Iqaluit to ponder menu of waste disposal choices
Recycling, composting, 40-year landfill part of the mix
The architects of Iqaluit’s waste management project have presented a vision on how the city can improve waste treatment, including possible recycling, composting and waste-to-energy programs.
The city’s current landfill is not only full but considered a hazard after it burned for several weeks last fall, sending noxious smoke over the city.
That’s why the city of Iqaluit hired a firm called Exp – formerly Trow Associates – to come up with a preliminary design for new solid waste facilities for Iqaluit.
After public workshops and discussions with residents and stakeholders, consultants presented their preliminary vision to city council June 28.
The list of diversion options include:
• a re-use centre at the city landfill to allow residents to leave items that are still in useable condition;
• an end of life vehicles program that would hire staff to remove hazardous materials and salvage metals from old vehicles before they are shipped south;
• a residential/commercial recycling program for household materials and bulk waste – either through curb-side collection or at a local depot;
• a composting program; either through an open-window method, where piles of organic materials are turned regularly for aeration or another method called in-vessel, where composting happens in closed and controlled reactors;
• a hazardous waste depot, where residents and business can leave materials to be shipped to southern treatment plants;
• waste-to-energy programs. Incineration would burn waste under controlled conditions, while advanced thermal treatment uses heat to decompose carbon-based material into a synthetic gas.
But even if these programs are implemented, Iqaluit still requires a new landfill site — one that can meet the needs of the city for the next 40 years.
Consultants are looking at six potential sites — some within the existing municipal boundaries (see figure.)
The sites are located between two and eight kilometres from the city centre.
“We really want to make sure these decisions are long-term,” said John Smith, a senior waste management specialist with Exp, told city council June 28. “And it’s important that we hear from as many people as possible as we can for this project.”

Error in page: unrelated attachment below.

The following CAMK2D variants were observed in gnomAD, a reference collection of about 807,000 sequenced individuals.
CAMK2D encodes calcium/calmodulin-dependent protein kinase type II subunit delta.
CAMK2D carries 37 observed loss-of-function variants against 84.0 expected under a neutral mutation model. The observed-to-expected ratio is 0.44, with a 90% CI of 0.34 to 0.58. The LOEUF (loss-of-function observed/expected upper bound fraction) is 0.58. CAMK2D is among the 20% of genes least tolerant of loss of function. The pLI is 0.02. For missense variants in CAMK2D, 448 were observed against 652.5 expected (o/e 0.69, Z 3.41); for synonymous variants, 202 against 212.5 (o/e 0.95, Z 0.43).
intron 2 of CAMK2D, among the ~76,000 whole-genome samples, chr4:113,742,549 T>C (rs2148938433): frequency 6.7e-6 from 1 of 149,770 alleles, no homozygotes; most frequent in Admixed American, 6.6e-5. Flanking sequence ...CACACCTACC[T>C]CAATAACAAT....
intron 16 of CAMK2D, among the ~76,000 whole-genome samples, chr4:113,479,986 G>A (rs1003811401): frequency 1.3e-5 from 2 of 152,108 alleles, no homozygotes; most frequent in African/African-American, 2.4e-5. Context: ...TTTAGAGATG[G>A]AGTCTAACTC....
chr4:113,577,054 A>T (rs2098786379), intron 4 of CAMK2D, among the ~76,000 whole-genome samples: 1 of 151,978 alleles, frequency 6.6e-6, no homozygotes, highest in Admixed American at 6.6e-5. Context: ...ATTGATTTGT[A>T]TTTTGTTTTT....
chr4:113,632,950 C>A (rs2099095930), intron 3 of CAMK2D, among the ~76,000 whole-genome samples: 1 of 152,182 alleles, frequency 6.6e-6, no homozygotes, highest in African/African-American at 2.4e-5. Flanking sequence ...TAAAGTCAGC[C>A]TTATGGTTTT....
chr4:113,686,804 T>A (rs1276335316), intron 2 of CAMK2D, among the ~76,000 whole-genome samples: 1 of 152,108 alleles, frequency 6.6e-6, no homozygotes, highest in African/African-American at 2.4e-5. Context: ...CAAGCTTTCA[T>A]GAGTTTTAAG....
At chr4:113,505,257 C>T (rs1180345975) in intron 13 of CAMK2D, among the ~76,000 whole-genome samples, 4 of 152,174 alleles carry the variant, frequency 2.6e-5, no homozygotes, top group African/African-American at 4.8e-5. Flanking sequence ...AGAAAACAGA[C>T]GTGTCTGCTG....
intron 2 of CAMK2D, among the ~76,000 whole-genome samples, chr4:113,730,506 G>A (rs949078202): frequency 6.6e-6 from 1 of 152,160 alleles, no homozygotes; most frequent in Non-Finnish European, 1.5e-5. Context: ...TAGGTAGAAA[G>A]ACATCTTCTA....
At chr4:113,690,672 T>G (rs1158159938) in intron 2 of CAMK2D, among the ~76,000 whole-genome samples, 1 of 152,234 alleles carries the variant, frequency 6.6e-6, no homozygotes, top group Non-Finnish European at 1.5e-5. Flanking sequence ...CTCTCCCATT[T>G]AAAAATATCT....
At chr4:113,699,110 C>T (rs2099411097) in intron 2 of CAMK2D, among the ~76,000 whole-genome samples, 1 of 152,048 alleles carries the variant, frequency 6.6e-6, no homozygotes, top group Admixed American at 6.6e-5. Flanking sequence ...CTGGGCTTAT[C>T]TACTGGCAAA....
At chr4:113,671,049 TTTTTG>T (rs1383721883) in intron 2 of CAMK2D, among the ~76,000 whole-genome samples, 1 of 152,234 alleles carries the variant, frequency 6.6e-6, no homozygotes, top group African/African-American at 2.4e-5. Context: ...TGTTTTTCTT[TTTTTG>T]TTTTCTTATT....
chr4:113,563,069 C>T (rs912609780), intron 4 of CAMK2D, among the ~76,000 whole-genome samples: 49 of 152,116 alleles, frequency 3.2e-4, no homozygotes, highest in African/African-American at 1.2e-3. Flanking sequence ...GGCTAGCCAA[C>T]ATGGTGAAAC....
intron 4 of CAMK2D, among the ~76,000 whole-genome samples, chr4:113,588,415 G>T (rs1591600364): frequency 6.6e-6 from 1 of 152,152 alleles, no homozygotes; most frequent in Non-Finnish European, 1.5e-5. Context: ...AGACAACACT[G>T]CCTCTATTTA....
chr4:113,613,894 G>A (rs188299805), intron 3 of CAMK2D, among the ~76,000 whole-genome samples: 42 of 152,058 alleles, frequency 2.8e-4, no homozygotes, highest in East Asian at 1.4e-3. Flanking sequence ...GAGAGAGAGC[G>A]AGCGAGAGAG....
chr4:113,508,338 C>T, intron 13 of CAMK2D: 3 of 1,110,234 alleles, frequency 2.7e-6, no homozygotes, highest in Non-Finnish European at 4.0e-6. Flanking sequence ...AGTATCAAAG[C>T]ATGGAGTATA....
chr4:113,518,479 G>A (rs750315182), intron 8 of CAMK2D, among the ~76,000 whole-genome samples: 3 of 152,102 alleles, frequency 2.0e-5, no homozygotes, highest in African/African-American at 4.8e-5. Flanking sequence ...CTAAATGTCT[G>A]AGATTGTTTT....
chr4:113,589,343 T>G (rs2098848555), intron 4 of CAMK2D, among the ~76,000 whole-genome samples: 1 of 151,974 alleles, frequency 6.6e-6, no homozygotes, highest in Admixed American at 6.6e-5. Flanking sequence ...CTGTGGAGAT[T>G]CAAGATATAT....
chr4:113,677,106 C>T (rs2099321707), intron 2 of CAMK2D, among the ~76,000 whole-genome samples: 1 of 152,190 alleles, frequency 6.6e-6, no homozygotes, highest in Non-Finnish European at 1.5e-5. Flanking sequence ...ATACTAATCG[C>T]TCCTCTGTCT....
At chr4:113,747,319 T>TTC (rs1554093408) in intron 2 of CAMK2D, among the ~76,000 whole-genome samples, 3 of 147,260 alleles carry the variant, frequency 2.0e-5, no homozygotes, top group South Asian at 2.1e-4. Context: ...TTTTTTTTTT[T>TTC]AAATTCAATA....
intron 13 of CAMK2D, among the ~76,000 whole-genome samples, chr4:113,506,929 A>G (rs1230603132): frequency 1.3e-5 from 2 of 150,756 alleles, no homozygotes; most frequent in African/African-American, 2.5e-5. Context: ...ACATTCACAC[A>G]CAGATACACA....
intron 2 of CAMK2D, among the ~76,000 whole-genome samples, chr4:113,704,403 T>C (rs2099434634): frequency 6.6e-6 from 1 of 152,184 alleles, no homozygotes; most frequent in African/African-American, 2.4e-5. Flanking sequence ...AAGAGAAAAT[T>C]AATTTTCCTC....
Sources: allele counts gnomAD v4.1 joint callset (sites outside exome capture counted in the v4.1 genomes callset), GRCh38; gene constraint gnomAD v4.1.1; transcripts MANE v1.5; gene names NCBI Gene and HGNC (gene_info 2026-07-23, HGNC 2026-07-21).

Smith and his colleagues are now tasked with analyzing and researching the list of options. They’ll bring their preferred recommendations back to city council in the fall of 2011.
City council will then make a final decision.
Smith said it’s too soon to put a price tag on many of the diversion options, saying only that the cost will be “significant.”
A composting program alone could cost upwards of $1 million to start-up, he said; an incineration project could cost multi-millions just to launch.
“This will definitely take some capital,” Smith said. “A (new) landfill will take somewhere around $4 million to $6 million to develop. Obviously, the cost is something we have to look at.”
The consulting firm is also conducting a waste audit this week, to “characterize” what Iqalummiut are throwing away.
This is the first local audit in a decade, which will take a representative sample of waste from different homes and businesses in the community.
From there, the waste will be categorized and weighed so consultants can see if the city’s waste looks any different than it did ten years ago.
Whatever the future of Iqaluit’s waste management ends up looking like, Smith said the Arctic environment and its sustainability will be key factors.
“Many of these technologies have not been proven in Arctic conditions,” he said. “This will be of great interest to a lot of other communities in Nunavut. They’re all facing similar issues.”
Once Iqaluit’s waste management plan is determined, the city can work towards a plan to decommission the current landfill.